MONTREAL -- A Quebec company's development of a robot capable of picking broccoli is an example of the artificial intelligence projects the Legault government is supporting to become 'a leader in productivity' and reduce the negative impacts of the labour shortage.

Lapalme Mechanical Design is preparing to commercialize its SAMI (for système agricole multifonctionnel intelligent or intelligent multifunctional agricultural system) machine next summer. The device consists of a farm tractor pushing a machine where robotic arms are installed on both sides. These robots pick vegetables.

Tests in broccoli fields with a machine with four robotic arms have shown promising results, according to Éric Lapalme, president of the Varennes, Montérégie-based company.

Next summer, he plans to market four machines that would contain about 20 robotic arms, perhaps more if farmers express the need. Lapalme estimates that one robotic arm replaces one worker in the field.

Even if farmers manage to fill their needs with temporary foreign labour, the current system limits their opportunity for growth, the entrepreneur said.

"There are many growers who tell me they would like to expand their vegetable production and decrease their field crop production, but they can't do that because they are not able to find more labour," said Lapalme. "So, that limits the development of vegetable farms in Quebec enormously."


Quebec has given $1.3 million in financial support to the company. Investissement Québec granted a loan of $100,000.

Economy Minister Pierre Fitzgibbon said he believes that the development of SAMI is promising.

"It's a small project, but it excites me, because it's exactly what we want to do as a government," he said in an interview.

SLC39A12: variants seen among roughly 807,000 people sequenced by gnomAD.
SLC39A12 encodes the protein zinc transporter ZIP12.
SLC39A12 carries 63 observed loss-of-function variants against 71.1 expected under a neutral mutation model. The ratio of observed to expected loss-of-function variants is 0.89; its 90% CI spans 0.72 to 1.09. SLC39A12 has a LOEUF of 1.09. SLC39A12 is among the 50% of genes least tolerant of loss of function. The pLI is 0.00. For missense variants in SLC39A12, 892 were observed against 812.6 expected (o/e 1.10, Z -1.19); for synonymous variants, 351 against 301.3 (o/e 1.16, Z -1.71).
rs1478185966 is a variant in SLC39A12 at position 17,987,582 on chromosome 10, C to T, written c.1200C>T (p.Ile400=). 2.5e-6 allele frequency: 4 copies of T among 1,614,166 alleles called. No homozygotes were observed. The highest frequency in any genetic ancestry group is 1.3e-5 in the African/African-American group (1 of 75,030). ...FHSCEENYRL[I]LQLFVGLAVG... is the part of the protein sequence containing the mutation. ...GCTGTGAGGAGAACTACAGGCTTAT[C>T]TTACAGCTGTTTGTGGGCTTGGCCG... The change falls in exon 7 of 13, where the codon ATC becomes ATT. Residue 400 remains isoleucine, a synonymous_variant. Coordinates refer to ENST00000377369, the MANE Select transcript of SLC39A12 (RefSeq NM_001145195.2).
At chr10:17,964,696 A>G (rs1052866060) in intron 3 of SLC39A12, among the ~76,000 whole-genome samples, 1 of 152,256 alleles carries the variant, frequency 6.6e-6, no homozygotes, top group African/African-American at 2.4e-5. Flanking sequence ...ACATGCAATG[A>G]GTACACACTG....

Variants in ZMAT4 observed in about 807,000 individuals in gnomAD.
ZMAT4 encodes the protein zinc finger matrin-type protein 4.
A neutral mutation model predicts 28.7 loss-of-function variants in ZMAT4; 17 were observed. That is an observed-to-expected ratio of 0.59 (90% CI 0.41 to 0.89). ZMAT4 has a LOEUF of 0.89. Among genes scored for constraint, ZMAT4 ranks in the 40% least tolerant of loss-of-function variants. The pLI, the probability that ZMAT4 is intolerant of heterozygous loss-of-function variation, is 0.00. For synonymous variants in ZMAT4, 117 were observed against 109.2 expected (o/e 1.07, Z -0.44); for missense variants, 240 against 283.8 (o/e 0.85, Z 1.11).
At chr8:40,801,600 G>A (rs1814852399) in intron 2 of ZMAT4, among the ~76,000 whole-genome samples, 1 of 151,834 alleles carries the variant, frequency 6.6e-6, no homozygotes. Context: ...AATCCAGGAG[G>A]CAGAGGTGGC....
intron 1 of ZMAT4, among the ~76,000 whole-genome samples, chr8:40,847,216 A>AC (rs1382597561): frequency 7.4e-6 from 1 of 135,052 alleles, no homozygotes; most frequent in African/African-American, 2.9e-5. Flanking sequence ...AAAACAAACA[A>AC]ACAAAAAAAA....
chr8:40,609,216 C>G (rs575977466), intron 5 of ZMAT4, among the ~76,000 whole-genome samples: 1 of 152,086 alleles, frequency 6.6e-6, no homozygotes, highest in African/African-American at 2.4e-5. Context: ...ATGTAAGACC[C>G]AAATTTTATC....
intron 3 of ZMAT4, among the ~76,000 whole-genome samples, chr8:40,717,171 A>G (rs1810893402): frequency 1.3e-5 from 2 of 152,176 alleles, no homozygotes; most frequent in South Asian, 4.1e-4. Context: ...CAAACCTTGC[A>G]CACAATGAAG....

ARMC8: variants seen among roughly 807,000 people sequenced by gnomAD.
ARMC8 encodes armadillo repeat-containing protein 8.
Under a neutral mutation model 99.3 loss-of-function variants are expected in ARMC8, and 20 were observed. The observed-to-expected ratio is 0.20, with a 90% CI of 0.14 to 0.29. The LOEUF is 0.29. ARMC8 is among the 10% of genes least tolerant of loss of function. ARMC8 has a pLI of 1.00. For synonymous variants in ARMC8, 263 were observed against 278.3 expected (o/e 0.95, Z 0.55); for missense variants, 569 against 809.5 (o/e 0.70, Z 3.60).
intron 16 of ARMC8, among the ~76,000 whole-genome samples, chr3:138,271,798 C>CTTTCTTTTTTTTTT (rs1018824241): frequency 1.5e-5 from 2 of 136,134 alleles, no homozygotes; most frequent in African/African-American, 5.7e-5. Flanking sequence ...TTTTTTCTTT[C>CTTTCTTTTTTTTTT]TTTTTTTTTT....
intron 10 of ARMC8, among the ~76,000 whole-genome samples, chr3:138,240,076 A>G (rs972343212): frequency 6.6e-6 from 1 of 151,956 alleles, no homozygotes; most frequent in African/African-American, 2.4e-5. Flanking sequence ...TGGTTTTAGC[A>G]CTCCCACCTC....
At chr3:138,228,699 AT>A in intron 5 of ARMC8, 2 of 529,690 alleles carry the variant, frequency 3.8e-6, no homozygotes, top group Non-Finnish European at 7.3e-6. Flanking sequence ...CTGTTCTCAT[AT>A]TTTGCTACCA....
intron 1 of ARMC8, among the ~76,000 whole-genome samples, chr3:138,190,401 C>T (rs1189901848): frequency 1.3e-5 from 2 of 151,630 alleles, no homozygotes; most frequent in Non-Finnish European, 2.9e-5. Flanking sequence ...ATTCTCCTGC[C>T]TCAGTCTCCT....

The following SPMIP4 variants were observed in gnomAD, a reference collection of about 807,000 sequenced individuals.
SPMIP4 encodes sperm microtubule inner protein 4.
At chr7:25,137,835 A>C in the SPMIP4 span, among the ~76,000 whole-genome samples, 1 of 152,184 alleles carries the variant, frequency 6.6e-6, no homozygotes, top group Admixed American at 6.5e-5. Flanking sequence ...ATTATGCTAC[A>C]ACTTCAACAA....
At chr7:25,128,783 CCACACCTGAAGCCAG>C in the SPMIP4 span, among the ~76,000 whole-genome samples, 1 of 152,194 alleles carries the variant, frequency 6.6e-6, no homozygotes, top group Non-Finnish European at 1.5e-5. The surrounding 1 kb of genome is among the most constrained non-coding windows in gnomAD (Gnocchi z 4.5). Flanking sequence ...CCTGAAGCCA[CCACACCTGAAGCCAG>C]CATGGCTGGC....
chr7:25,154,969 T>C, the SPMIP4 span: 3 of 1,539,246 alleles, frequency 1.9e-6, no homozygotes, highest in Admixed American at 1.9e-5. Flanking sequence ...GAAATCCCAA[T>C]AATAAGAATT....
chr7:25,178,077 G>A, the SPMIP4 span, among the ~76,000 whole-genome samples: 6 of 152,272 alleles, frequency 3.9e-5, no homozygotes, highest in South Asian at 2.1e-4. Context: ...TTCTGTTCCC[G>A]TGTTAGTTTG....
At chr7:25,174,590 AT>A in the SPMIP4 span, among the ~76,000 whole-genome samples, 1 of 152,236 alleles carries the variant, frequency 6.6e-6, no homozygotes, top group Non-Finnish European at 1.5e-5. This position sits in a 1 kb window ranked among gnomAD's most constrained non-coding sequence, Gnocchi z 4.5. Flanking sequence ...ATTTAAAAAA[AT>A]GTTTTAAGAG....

He points out that there were 194,000 jobs to be filled in Quebec at the end of the second quarter, according to the most recent data from Statistics Canada. However, 'a good portion' of these positions are at minimum wage, the minister added.

Automation projects such as SAMI would help increase productivity in the agricultural sector, Fitzgibbon hopes.

"It's a way to be a leader. On the one hand, you increase productivity. On the other hand, the jobs that are required to pick broccoli may disappear. It may sound harsh to say that, but I think it's important, because we need to reskill the workforce in higher-paying areas," he said.

Mass replacement of workers in the fields isn't in the cards, however. Lapalme Mechanical Design will limit marketing next summer to four machines to limit financial and technological risks in the early production phase.

However, Lapalme wants to accelerate the commercialization after this first phase. He points out that his machine has been patented in Canada, the United States and Europe.

"The idea is to quickly take over these three markets. We have to go quickly, otherwise the market will see what we do and be inspired by it and other ideas could emerge from that," he siad.

The company has not yet determined whether it will sell its machines or move to a rental model where the rate would vary by crop size. If sold, the cost of SAMI would vary depending on the number of robotic arms installed, Lapalme said. It would cost about $400,000 for the machine and $100,000 per robotic arm.

Right now, SAMI is only harvesting broccoli, but the machine could be used for other crops such as asparagus, celery or cabbage. It could also be used for crop inventory in the field or weeding.

- This report by The Canadian Press was first published in French on Oct. 19, 2021.